What I find really interesting about all of this is that Matthew saw that Christ fulfilled the Old Testament at a whole series of levels. He saw that Christ fulfilled specific prophecies, but he also saw that Christ fulfilled the whole story of the Old Testament, a story of the nation of Israel and its history. He also saw that Christ fulfilled more of the ideas about the Messiah that are sketched but not drawn into specific prophecies. He saw Christ as a greater rescuer than the rescues that God had performed for his people in the Old Testament. This is instructive for us: we impoverish ourselves if we see Christ's coming as only a fulfilment of the more famous predictions of the OT: the whole thing points forward to Christ and his fulfilment (see Matthew 5:17-20).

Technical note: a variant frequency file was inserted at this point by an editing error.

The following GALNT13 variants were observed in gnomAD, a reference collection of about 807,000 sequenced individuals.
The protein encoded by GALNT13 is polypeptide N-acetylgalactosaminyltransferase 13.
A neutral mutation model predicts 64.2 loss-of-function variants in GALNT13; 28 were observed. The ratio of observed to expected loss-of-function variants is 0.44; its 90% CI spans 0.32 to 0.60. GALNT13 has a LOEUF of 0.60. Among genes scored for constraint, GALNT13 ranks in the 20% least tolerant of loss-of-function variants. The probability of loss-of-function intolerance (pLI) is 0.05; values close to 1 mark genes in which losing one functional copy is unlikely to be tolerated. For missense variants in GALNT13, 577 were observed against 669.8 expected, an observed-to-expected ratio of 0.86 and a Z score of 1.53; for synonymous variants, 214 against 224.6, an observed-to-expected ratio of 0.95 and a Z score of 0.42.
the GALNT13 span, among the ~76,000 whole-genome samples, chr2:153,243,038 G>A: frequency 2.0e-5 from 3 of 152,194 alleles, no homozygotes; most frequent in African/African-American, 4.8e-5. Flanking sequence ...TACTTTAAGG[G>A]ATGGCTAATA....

2 comments:

thebluefish said...

I love that you're saying what I'm saying, but saying it better than I have.

Chris said...

Hey Pete. That's really really helpful. Thanks.

I'd be really interested to know how you'd go about communicating that, getting people to think fulfilment in multiple-levels. Would you just push one by one & let it take time?

I've had a really difficult time getting people to think of fulfilment in any other terms than "law=condemnation, Jesus=grace". We spent 30 minutes trying in vain to clarify the contrast of fulness/partial revelation being made in 1:17 "grace for grace"

I'm leading a study in John 6 on Tuesday & I'd appreciate any thoughts for how to bring out fulfilment in technicolour.